Prescription for laughter

Breast cancer is fertile material for Litchfield comic who's been there

Sunday News Correspondent
October 26. 2013 1:24AM

Litchfield comedienne Noreen LaBatt is finding an audience for her humorous accounts of a serious battle with advanced invasive lobular carcinoma, a form of breast cancer. (COURTESY)

LITCHFIELD -- There are people in this world who are serious to the core, and others who laugh in the face of adversity. Noreen LaBatt, a Litchfield mother of two, is decidedly in the latter category.

Facing a near-death experience from breast cancer, LaBatt is now tackling her misfortune with a not-so-serious optimism that can make even the most straight-faced politicians laugh out loud.

What started with a simple, offhand and slightly discomforting comment to her surgeon, has escalated into a full-scale comedy act that Labatt is taking on the road. Her entertaining mission: not only to inspire other cancer patients but ultimately to spread the message that laughter, positive vibes and good-natured fun is a constructive response to a gloomy diagnosis.

"I am probably the height of embarrassment to my children, as I can put the words 'breast' and 'nipple' in one sentence and make light of it," said LaBatt, 44. "This is me making fun of myself as a way to cope with the situation, but it is also about making others feel better in the process."

As a woman who was in the trenches with BRCA1 breast cancer, LaBatt knows fully well the ramifications of the disease. With eight surgeries, eight rounds of chemotherapy and countless radiation sessions, LaBatt is a survivor of just about everything cancer has to offer.

Diagnosed with advanced invasive lobular carcinoma, LaBatt learned through test results that she had the BRCA gene mutation, the same genetic carrier that prompted actress Angelina Jolie to undergo a prophylactic bilateral mastectomy and reconstruction.

"Angelina and I have a lot more in common these days," LaBatt joked recently while performing her act at Litchfield's Campbell High School. "Yeah, the next time I'm in L.A. we're going to compare our DNA over soba noodles and discuss joint custody of Brad."

While breast cancer is no joking matter, LaBatt believes there is a forum in which laughter can be the best medicine. After undergoing her own bilateral mastectomy, ovary removal surgery, chemotherapy, radiation, anti-cancer drug therapy and full reconstruction, LaBatt says there is nothing better than humor to help face the future.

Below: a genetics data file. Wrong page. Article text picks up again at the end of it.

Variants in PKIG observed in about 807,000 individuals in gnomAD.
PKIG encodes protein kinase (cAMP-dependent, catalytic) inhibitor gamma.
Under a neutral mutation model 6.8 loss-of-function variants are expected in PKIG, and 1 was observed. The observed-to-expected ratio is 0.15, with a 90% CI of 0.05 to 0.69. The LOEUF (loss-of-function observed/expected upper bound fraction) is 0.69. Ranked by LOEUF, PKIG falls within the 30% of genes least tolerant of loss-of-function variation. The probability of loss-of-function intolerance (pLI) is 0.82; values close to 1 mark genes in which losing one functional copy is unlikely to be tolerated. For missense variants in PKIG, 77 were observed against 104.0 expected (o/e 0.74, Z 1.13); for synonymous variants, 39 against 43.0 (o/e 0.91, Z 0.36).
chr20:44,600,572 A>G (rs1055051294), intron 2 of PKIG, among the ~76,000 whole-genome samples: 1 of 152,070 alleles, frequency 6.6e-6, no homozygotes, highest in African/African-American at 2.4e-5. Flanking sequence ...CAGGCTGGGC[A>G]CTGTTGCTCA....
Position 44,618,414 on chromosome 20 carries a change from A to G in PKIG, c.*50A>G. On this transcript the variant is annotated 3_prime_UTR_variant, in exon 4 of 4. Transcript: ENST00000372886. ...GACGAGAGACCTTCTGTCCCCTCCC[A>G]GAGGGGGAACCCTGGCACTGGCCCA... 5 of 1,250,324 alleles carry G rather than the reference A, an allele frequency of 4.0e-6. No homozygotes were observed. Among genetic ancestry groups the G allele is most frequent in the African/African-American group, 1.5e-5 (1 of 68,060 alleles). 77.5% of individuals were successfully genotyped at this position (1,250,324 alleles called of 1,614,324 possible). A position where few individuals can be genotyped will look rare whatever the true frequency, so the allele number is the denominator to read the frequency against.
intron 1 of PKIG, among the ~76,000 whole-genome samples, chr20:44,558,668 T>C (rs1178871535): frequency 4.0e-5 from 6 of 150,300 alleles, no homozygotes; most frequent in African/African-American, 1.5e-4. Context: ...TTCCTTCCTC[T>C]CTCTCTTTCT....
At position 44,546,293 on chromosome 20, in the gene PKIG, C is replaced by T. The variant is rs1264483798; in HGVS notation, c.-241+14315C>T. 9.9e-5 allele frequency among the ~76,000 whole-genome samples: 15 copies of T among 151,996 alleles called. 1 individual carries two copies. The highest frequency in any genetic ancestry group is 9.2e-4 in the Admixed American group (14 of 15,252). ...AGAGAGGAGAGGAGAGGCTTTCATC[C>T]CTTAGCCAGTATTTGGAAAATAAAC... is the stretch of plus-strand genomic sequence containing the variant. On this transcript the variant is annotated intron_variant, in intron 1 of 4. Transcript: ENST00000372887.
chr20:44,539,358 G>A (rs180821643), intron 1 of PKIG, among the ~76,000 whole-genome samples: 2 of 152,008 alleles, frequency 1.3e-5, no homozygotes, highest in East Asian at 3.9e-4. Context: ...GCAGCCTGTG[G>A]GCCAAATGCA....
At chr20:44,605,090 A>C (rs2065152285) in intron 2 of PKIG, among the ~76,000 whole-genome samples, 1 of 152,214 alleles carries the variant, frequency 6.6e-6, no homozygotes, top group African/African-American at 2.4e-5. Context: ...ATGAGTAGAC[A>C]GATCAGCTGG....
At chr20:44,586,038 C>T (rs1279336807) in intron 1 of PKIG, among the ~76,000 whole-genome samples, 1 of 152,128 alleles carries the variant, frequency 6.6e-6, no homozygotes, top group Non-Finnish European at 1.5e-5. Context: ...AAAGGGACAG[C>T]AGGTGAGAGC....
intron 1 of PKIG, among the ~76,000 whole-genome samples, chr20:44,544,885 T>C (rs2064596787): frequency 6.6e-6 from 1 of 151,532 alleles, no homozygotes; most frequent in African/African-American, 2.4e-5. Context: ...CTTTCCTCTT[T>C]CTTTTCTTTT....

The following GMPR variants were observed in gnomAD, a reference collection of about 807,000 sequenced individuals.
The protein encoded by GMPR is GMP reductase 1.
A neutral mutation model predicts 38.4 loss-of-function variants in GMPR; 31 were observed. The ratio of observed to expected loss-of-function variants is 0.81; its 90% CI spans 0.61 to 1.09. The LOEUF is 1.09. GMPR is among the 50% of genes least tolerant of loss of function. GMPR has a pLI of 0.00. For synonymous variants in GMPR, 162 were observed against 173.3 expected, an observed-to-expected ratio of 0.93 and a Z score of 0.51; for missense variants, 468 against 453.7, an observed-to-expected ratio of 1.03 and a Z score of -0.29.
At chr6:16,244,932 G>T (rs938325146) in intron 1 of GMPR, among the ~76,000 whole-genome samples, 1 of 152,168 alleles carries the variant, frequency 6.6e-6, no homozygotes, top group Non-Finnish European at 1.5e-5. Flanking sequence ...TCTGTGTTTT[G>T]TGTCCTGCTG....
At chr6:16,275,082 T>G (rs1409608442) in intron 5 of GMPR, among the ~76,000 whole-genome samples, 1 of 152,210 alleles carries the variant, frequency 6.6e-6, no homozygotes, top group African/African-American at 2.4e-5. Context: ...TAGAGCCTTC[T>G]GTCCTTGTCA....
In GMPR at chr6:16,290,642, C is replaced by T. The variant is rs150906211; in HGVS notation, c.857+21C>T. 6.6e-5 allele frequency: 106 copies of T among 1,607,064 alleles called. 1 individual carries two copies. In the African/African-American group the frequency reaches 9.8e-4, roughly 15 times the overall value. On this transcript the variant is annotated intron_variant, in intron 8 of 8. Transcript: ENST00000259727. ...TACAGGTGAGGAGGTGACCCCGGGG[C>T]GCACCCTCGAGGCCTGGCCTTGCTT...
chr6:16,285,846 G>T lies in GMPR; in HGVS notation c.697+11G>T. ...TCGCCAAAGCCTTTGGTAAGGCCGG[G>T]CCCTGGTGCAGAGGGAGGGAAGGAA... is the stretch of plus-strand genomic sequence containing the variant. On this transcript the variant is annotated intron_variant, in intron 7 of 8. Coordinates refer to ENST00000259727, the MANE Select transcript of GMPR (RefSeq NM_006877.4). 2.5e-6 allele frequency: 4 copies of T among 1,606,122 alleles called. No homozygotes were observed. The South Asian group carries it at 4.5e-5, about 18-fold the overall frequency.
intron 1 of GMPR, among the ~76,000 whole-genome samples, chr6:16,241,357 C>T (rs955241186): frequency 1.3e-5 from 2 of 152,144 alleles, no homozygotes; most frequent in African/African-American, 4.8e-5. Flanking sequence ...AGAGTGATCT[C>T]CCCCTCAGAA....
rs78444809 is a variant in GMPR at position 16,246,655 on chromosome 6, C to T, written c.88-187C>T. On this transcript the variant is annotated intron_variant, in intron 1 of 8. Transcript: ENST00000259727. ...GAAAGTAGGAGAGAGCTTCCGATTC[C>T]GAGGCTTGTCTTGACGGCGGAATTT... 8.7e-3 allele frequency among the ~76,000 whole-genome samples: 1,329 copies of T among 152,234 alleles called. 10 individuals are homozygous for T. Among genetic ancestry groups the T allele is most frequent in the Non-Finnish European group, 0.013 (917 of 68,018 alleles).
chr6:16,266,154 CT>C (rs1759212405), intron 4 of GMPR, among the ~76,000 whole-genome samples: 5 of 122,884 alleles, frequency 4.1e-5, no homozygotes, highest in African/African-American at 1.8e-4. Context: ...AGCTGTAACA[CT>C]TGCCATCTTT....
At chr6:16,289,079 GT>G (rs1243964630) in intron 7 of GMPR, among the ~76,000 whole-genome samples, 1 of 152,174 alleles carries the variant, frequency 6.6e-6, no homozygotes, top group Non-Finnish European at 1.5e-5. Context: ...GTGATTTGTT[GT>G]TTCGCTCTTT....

"I feel like if I didn't make fun of it, I would be weeping and hiding in my house, but not for a minute do I forget how lethal this disease is," she said.

During a performance of her current act, "Thanks for the Mamories," LaBatt shares a funny story about her plastic surgeon's own attempt at humor when he added his own healing statements to LaBatt's pre-approved list during surgery. She re-enacts the scenario in which she was under anesthesia and her surgeon echoed subtle statements in her ear about obeying her doctor, understanding that he is brilliant and telling him he is handsome. This, followed by a segment on the secrets of trophy-wife reconstruction and using the "cancer card" to get a beach house in Maine, had several people in the audience laughing themselves to tears.

Carolyn Choate, a cancer survivor herself, had the opportunity to hear one of LaBatt's first on-stage comedy acts and was floored by the audience's response.

"This is a defense mechanism for Noreen; there is no doubt about it," said Choate, a longtime sales manager for tv13 in Nashua and now LaBatt's agent.

Choate explained that upon leaving the hospital after various surgeries, patients sometimes receive gift bags containing educational brochures, counseling pamphlets and perhaps even a video on how to deal with dying.

"What about the chocolate and the wine?" Choate said, noting the need for some levity amid all the seriousness. "This act may have some in-the-face cracks at doctors, but it is never disrespectful. It is good-natured fun."

Working to secure future gigs for LaBatt, Choates says she's overwhelmed by the response from niche audiences such as health care providers, medical conferences and pharmaceutical conventions.

"These things are typically staid and academic," she said of the conferences and conventions. "Who doesn't love to laugh? We want to liven things up with some meaningful humor."

This Tuesday, LaBatt will take the stage at the Boston Healthcare Business Women's annual meeting as the warm-up act for Dr. Susan Love, the celebrity doctor whose book on breast cancer has sold millions of copies. On Saturday, LaBatt will be one of two speakers at the New Hampshire Oncology Nursing Society's conference in Bedford.

"People seem to like this back-door sense of humor and sometimes respond better to it than to serious stats and data," said LaBatt, acknowledging her husband is often taken aback by some of her graphic, yet endearing material.

For more about LaBatt, including a video of her performing, go to

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